## Problem:

It turns out that 12 cm is the smallest length of wire that can be bent to form an integer sided right angle triangle in exactly one way, but there are many more examples.

12 cm: (3,4,5)
24 cm: (6,8,10)
30 cm: (5,12,13)
36 cm: (9,12,15)
40 cm: (8,15,17)
48 cm: (12,16,20)

In contrast, some lengths of wire, like 20 cm, cannot be bent to form an integer sided right angle triangle, and other lengths allow more than one solution to be found; for example, using 120 cm it is possible to form exactly three different integer sided right angle triangles.

120 cm: (30,40,50), (20,48,52), (24,45,51)

Given that L is the length of the wire, for how many values of L [≤] 1,500,000 can exactly one integer sided right angle triangle be formed?

4782

## Code:The solution may include methods that will be found here: Library.java .

public interface EulerSolution{public String run();}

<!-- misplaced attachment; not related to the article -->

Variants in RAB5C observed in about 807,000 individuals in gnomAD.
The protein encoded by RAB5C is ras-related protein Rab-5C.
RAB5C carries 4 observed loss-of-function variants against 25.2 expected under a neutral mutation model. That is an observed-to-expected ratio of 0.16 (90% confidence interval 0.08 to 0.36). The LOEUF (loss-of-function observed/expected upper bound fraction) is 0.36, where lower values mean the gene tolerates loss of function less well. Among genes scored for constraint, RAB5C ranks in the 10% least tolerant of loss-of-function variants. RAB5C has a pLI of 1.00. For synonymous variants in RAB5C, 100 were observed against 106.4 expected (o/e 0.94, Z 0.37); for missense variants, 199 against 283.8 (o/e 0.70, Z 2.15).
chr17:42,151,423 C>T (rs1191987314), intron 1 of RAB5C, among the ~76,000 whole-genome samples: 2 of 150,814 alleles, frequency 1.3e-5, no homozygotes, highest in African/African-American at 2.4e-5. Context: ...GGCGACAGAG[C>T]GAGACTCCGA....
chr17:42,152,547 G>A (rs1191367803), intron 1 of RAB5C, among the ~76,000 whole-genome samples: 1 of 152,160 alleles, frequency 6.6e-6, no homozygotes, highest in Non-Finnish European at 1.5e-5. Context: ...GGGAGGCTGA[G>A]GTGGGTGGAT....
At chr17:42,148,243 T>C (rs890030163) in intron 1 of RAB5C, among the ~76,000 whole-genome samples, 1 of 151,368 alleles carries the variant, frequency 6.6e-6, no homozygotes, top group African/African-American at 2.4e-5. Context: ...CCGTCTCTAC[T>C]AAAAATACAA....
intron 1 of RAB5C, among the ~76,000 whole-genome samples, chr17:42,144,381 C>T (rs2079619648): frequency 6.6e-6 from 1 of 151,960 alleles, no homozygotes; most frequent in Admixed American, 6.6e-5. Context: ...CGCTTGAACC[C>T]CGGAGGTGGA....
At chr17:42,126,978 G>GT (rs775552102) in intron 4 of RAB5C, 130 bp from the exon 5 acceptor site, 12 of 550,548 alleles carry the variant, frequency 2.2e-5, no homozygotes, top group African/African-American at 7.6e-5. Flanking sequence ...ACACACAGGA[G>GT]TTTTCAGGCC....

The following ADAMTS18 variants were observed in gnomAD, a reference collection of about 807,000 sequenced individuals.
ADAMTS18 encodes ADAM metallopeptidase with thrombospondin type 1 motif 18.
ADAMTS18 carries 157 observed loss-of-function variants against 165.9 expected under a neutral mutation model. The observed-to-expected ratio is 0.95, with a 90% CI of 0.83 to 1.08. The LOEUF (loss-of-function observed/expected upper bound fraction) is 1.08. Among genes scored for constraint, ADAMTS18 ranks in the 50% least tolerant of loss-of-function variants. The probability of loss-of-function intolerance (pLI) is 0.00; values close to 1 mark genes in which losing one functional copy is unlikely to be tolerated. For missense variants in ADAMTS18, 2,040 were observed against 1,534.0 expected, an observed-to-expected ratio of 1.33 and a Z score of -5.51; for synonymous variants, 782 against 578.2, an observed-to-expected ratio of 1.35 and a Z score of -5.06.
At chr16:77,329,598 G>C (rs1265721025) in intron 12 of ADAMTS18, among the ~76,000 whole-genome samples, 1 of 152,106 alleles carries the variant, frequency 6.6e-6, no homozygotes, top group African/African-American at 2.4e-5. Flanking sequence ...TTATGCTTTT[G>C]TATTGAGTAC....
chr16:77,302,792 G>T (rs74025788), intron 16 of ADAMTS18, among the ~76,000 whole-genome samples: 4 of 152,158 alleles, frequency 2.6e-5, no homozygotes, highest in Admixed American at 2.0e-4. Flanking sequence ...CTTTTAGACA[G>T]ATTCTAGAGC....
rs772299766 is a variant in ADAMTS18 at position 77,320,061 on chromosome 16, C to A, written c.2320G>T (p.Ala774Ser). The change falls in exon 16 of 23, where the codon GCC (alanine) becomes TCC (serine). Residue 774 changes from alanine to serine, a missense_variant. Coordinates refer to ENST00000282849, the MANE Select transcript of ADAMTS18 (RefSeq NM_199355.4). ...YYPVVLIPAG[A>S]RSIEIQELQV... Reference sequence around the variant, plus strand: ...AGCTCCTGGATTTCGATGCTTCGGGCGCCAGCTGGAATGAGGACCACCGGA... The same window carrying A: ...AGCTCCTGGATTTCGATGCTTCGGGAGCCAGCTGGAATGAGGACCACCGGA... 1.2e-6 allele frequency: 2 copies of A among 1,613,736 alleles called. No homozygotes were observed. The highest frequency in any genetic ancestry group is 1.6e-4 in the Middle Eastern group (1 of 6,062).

/*  * Solution to Project Euler problem 25 * By Nayuki Minase *  * http://nayuki.eigenstate.org/page/project-euler-solutions * https://github.com/nayuki/Project-Euler-solutions */import java.math.BigInteger;public final class p025 implements EulerSolution {		public static void main(String[] args) {		System.out.println(new p025().run());	}			private static final int DIGITS = 1000;		public String run() {		BigInteger lowerthres = BigInteger.TEN.pow(DIGITS - 1);		BigInteger upperthres = BigInteger.TEN.pow(DIGITS);		BigInteger prev = BigInteger.ONE;		BigInteger cur = BigInteger.ZERO;		int i = 0;		while (true) {			// At this point, prev = fibonacci(i - 1) and cur = fibonacci(i)			if (cur.compareTo(lowerthres) >= 0)				return Integer.toString(i);			else if (cur.compareTo(upperthres) >= 0)				throw new RuntimeException("Not found");						BigInteger temp = cur.add(prev);			prev = cur;			cur = temp;			i++;		}	}	}